The elegantly serpentined and bronze-enriched 'commode' chest-of-drawers was intended for the window pier of a bedroom apartment and is conceived in the 'Picturesque' French antique manner that became fashionable in the 1760s. The angled pilasters are ormolu-enriched with Arcadian nymph heads in French-fashioned ruffles emerging from reeded and Venus-pearled cartouches, whose reeded 'truss' brackets are wrapped by Roman acanthus and imbricated with pearls and scallops. The ormolu escutcheons serve to celebrate the triumphal birth of Venus: water-deity heads accompany her shell-badge displayed on these antique-stippled and acanthus-wrapped cartouches, while the reeded and flowered handles are suspended from acanthus-flowered paterae. The French-patterned angle bronzes are inspired by a pattern that is thought to have been invented by the Parisian ébéniste Pierre Daneau (d. 1735) of the rue St. Honoré. A pair of serpentine marble-topped and ormolu-mounted commodes bear his stamp and the date 1733, and are now at Firle Place, Sussex. A related pair of commodes, also stamped by Daneau, was sold by the late Mrs. Vernon Sangster, in these Rooms, 4 July 1996, lot 360.
This commode belongs to a small and distinguished group dating to the early 1760s attributed to the London cabinet-makers, William Vile and John Cobb, and discussed in depth by Lucy Wood in her Catalogue of Commodes, London, 1994, pp. 43-53. The commodes are characterised by their serpentined form, good quality timbers and rich ormolu embellishments which copy French Régence patterns produced some fifty years earlier. This model corresponds to a commode with four graduated drawers, identical handles and corner mounts, at Blickling, Norfolk (ibid., p. 50, fig. 34). The closest comparable example is the commode now in The Metropolitan Museum of Art, New York (accession no. 61.242.1) (ibid., p. 51, fig. 37). The latter's lower edge of the bottom drawer is fixed with pierced carving and the side panels are straight-edged at the bottom. The present commode is likely to have had similar decoration which has since been replaced with a shaped element closely relating to that on the lower drawer of the Blickling commode.
Other closely related commodes from this group include a pair sold anonymously, in these Rooms, 14 June 2001, lot 140 [formerly at Ashburnham Place, Sussex]; two pairs from Blickling Hall in Norfolk (one pair sold in 1933); and a pair purchased in 1914 by Lord Lever, later Viscount Leverhulme and now in the Lady Lever Art Gallery, Port Sunlight. Another commode from this group is illustrated in R. W. Symonds, 'English Commodes in the French taste', Connoisseur, January 1957, p. 17, fig. 1. A further example almost certainly supplied to the 5th Duke of Bolton (d. 1765), for Hackwood Park, Hampshire, was sold in these Rooms, 8 July 1999, lot 62 (£199,500), and a further, single commode from the Ashburnham group was sold anonymously, Christie's New York, 19 October 2000, lot 106 ($171,000). Some of the commodes in this group differ slightly in their less pronounced serpentine front, straight-sided rather than moulded tops and employment of ormolu lifting-handles to the sides of the case.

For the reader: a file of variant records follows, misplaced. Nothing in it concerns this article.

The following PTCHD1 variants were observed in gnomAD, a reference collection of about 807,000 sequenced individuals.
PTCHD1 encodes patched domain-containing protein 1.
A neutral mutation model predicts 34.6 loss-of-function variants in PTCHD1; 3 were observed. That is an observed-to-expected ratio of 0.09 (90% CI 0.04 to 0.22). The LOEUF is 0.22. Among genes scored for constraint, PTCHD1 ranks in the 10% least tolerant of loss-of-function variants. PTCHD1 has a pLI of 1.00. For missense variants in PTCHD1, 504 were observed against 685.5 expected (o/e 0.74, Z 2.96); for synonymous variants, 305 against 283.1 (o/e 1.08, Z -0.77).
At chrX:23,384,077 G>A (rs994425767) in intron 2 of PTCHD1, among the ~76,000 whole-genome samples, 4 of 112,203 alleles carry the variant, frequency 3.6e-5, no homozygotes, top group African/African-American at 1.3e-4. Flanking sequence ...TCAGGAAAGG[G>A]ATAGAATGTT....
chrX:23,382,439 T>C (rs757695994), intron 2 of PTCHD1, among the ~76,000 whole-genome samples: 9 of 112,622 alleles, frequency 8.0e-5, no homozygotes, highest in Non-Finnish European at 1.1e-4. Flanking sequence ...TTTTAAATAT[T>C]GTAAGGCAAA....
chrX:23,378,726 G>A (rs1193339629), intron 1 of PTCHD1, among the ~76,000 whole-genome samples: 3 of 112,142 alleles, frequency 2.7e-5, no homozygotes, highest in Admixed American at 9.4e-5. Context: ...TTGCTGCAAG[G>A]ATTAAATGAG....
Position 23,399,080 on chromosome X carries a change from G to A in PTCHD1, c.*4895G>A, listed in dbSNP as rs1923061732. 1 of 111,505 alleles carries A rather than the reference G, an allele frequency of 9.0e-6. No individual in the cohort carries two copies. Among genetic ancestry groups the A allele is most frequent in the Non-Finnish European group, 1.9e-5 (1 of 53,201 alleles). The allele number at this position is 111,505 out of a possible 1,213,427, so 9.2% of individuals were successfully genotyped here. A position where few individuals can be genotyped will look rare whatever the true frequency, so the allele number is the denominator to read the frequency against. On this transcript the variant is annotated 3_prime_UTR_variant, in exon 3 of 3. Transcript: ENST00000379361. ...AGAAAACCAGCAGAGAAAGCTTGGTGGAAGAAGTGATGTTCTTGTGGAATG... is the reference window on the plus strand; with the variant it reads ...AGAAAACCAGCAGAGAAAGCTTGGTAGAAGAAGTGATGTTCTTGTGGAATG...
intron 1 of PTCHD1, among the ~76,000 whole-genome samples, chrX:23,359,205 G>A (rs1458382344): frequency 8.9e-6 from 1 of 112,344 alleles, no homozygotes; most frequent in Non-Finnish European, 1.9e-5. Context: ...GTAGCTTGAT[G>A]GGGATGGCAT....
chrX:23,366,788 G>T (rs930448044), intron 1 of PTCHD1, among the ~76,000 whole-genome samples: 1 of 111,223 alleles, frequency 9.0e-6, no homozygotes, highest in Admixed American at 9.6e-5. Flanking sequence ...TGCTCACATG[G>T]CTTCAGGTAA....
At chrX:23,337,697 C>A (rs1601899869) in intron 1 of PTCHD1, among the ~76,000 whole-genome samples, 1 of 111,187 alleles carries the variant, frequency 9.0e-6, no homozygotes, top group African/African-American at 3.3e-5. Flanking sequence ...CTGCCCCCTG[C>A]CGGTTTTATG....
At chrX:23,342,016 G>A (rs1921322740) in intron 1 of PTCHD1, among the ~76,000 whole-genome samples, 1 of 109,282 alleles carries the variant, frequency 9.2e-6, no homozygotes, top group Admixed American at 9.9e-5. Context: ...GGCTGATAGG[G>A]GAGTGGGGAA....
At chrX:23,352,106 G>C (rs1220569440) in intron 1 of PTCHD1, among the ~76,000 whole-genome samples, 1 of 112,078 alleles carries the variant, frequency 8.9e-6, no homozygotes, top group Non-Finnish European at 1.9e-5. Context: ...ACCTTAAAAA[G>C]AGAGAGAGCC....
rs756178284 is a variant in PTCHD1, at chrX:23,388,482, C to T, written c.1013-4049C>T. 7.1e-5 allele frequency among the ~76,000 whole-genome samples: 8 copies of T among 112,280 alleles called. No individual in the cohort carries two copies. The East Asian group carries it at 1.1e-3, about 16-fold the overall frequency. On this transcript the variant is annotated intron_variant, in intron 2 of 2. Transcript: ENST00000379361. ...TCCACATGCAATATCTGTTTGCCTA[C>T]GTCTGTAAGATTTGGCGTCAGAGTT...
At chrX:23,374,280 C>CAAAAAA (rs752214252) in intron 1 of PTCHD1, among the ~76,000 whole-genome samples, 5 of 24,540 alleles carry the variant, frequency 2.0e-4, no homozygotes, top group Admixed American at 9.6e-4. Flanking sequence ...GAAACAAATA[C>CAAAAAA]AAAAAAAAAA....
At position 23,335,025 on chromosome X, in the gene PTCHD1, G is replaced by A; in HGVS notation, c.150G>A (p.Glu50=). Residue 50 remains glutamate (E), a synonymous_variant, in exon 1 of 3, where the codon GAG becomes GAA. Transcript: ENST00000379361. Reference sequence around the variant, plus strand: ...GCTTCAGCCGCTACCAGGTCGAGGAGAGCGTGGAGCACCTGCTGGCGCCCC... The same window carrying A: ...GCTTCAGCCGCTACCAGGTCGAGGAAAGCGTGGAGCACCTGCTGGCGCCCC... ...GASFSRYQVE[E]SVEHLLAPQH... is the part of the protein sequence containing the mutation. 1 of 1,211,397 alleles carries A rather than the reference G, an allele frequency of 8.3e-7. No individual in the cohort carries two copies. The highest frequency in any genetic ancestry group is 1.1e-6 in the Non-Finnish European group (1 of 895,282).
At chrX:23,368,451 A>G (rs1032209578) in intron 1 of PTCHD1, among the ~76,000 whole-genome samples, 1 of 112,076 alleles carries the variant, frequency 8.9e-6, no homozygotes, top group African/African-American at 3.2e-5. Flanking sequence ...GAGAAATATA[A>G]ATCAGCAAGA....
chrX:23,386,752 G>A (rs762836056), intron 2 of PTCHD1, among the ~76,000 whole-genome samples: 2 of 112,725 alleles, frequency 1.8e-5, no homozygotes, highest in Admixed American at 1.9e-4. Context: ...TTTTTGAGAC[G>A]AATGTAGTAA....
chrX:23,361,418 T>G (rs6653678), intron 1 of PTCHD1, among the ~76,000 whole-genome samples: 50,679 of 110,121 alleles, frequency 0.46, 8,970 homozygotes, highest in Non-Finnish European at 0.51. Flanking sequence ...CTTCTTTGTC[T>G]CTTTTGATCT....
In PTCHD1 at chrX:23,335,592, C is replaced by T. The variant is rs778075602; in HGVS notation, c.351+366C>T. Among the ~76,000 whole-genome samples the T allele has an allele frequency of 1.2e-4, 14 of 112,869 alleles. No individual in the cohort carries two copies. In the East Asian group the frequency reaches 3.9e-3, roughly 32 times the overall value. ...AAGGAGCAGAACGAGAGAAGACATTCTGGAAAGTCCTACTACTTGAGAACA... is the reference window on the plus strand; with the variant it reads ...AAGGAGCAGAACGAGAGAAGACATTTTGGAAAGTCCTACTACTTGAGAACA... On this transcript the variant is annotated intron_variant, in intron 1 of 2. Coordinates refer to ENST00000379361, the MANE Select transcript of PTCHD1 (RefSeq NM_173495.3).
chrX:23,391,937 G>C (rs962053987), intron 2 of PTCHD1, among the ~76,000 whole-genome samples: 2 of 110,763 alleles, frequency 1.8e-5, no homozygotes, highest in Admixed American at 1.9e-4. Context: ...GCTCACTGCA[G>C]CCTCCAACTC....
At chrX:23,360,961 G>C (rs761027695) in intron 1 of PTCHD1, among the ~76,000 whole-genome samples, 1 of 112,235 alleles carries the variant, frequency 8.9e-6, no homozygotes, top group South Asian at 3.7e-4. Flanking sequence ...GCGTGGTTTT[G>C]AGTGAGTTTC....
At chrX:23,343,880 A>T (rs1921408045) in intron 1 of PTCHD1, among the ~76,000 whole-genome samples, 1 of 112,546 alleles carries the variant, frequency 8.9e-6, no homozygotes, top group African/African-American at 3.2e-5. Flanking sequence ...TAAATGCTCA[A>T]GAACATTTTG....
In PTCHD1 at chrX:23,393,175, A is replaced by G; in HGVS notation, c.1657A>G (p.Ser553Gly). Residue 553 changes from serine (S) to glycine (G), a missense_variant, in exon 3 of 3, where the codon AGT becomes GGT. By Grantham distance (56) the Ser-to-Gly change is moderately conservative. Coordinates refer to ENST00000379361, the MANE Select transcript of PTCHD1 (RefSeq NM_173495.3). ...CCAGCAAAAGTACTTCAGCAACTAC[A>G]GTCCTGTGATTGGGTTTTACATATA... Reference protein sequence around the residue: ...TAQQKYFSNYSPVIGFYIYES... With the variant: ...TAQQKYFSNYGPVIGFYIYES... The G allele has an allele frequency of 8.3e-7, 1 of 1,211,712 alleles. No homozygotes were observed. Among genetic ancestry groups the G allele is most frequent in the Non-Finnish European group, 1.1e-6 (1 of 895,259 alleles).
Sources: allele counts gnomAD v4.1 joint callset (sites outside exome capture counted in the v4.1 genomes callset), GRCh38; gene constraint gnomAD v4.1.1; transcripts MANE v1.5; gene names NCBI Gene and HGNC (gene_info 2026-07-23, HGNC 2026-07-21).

The commode can be attributed to the acclaimed Royal cabinet-makers William Vile and John Cobb based on their association with other related models recorded by the firm and a known working relationship between the cabinet-makers and the houses to which these various commodes were supplied. Principally, at Blickling there is a payment from the 2nd Earl of Buckinghamshire to 'Vile & Cobb cabinet-makers' in August 1762 for £86.5s.9d which is sufficient to account for the four Régence pattern commodes and the commode similar to the present lot (Wood, op. cit., p. 50). Furthermore, this single commode at Blickling shares the same mounts and other distinctive features with a documented example supplied by Cobb to James West at Alscot Park in 1766 for £16.
18TH CENTURY ENGLISH TASTE FOR THE PICTURESQUE
Although this commode was executed circa 1760-61, it is conceived in the earlier French 'Régence' style, popularised by artists such as Nicolas Pineau and Gilles-Marie Oppenordt in the 1720s and 1730s. In the first half of the 18th Century, most Englishmen accepted the cultural and fashionable primacy of France. By 1735, the St Martin's Lane Academy had introduced Régence and early Louis XV designs to artists and craftsmen and until 1744, England was at peace with France, traditionally her arch-rival. This important and long period of peace facilitated England's initial acceptance of French, and specifically rococo, designs. Despite the political and cultural obstacles between England and France of the mid-18th Century, notably the Seven Years War of 1756-1763, the enthusiasm for French fashions in England continued unabated. Most craftsmen seem to have been oblivious to the contradiction between patriotism and their work, despite the efforts of Richard Boyle, 3rd Earl of Burlington (d. 1753) and William Kent (d. 1748) to introduce a specifically 'English' style, based on a robust interpretation of Palladio's designs. The Rococo, on the other hand, besides its fashionable 'French-ness', held a more practical attraction for designers and craftsmen, in that its nature was more labour-intensive than the sober English 'Kentian' style: designers were often able to charge more for their work. Somewhat ironically, defense for the French style is found in The Anti-Gallican, a novel of 1757, which noted 'let us endeavour at raising ourselves to an equal if not superior Pitch of Excellence, in every Science and Profession, to all Nations of the Globe'.